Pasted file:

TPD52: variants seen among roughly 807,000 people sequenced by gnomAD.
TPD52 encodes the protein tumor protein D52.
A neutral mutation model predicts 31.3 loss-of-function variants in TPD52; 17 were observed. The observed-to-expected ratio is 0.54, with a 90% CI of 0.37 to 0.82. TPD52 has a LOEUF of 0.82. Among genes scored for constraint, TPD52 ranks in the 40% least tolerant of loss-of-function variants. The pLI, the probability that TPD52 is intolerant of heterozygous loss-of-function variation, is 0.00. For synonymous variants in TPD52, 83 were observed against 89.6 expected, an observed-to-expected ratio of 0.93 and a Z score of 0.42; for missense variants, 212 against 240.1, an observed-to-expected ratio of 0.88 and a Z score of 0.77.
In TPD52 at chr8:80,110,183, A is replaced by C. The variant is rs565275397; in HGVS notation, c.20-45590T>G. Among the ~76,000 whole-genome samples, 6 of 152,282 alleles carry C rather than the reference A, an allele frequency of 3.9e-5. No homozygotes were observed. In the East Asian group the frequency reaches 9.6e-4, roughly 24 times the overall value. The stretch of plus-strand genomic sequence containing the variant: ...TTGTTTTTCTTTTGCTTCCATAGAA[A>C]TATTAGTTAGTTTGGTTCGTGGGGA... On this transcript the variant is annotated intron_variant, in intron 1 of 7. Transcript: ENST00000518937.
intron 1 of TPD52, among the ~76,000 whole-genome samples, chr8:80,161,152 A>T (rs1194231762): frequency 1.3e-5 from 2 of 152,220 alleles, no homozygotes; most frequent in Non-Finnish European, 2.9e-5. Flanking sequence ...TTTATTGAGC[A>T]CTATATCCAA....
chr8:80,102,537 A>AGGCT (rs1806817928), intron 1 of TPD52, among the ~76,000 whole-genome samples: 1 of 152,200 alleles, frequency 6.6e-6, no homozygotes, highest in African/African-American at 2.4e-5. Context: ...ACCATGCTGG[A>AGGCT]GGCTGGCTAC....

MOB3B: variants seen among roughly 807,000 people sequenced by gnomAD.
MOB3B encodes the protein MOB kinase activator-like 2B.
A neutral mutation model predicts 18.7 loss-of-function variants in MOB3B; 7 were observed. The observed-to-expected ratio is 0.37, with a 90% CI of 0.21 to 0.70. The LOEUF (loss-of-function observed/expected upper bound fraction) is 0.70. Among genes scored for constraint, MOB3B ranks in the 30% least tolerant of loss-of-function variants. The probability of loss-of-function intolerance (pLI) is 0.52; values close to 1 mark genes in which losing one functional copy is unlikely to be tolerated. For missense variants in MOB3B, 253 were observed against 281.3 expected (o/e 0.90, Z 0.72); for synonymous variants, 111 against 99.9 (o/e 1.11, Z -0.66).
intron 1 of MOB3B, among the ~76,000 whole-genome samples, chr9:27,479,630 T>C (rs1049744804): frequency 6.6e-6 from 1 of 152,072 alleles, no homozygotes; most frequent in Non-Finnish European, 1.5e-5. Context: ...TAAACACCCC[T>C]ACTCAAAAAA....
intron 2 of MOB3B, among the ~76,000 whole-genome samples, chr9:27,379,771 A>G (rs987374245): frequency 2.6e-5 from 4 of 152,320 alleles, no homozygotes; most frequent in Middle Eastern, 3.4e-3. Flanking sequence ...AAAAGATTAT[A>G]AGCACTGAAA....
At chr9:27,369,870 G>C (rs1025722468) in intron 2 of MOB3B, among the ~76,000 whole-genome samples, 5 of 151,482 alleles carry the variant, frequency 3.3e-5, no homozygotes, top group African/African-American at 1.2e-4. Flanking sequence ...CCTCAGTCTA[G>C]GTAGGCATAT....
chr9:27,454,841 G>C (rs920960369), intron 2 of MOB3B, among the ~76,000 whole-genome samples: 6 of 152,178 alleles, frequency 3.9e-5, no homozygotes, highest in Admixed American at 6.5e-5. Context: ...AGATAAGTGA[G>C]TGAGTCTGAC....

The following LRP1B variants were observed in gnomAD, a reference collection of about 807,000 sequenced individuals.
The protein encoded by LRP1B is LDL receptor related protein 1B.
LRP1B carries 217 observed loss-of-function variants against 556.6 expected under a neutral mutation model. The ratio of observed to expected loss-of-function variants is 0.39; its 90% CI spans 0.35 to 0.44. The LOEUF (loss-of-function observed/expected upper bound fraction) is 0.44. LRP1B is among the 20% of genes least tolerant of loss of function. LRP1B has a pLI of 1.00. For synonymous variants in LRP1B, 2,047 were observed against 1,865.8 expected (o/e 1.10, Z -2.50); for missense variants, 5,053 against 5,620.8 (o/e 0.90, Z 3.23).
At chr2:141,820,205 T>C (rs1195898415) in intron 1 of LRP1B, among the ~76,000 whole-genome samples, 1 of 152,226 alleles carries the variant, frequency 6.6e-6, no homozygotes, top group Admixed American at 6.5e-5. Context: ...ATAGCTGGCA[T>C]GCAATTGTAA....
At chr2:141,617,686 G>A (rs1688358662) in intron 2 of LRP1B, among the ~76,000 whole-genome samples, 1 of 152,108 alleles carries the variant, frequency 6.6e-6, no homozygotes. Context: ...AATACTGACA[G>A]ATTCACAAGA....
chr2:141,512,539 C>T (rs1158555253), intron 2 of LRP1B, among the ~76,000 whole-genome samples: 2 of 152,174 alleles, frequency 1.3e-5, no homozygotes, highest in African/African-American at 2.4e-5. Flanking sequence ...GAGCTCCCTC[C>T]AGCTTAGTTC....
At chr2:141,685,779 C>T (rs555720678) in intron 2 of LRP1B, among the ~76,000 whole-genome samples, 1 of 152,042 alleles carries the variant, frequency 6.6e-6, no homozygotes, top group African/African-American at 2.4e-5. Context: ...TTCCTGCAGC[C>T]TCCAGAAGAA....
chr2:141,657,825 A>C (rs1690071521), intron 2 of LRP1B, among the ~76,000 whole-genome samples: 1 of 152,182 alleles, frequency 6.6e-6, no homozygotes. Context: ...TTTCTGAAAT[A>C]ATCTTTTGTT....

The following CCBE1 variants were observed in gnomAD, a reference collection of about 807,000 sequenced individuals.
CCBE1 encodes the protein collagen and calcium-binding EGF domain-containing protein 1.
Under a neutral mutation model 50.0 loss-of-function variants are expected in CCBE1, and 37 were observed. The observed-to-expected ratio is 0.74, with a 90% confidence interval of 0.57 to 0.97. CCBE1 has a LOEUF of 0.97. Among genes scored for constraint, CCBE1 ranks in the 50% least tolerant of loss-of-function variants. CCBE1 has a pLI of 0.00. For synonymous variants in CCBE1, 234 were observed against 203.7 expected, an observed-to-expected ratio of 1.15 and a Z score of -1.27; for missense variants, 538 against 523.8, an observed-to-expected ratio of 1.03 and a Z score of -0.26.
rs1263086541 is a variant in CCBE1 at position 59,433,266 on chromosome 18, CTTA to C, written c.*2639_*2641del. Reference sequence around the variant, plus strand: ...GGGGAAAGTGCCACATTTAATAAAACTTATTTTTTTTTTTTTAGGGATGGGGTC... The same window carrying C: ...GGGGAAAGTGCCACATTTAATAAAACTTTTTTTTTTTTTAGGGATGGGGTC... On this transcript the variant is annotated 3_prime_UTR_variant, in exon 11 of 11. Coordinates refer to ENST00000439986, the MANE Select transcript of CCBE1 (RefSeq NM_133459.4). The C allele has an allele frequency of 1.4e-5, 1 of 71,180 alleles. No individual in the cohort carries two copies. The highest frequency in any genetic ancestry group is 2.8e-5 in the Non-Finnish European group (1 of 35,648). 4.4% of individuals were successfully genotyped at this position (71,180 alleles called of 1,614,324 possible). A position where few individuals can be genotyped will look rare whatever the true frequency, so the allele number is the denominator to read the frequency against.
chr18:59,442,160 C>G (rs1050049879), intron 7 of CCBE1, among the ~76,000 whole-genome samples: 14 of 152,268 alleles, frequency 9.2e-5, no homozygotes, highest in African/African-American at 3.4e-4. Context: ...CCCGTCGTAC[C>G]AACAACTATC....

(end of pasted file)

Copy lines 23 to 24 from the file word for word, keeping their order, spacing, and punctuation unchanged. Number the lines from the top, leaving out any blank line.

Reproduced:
CCBE1 encodes the protein collagen and calcium-binding EGF domain-containing protein 1.
Under a neutral mutation model 50.0 loss-of-function variants are expected in CCBE1, and 37 were observed. The observed-to-expected ratio is 0.74, with a 90% confidence interval of 0.57 to 0.97. CCBE1 has a LOEUF of 0.97. Among genes scored for constraint, CCBE1 ranks in the 50% least tolerant of loss-of-function variants. CCBE1 has a pLI of 0.00. For synonymous variants in CCBE1, 234 were observed against 203.7 expected, an observed-to-expected ratio of 1.15 and a Z score of -1.27; for missense variants, 538 against 523.8, an observed-to-expected ratio of 1.03 and a Z score of -0.26.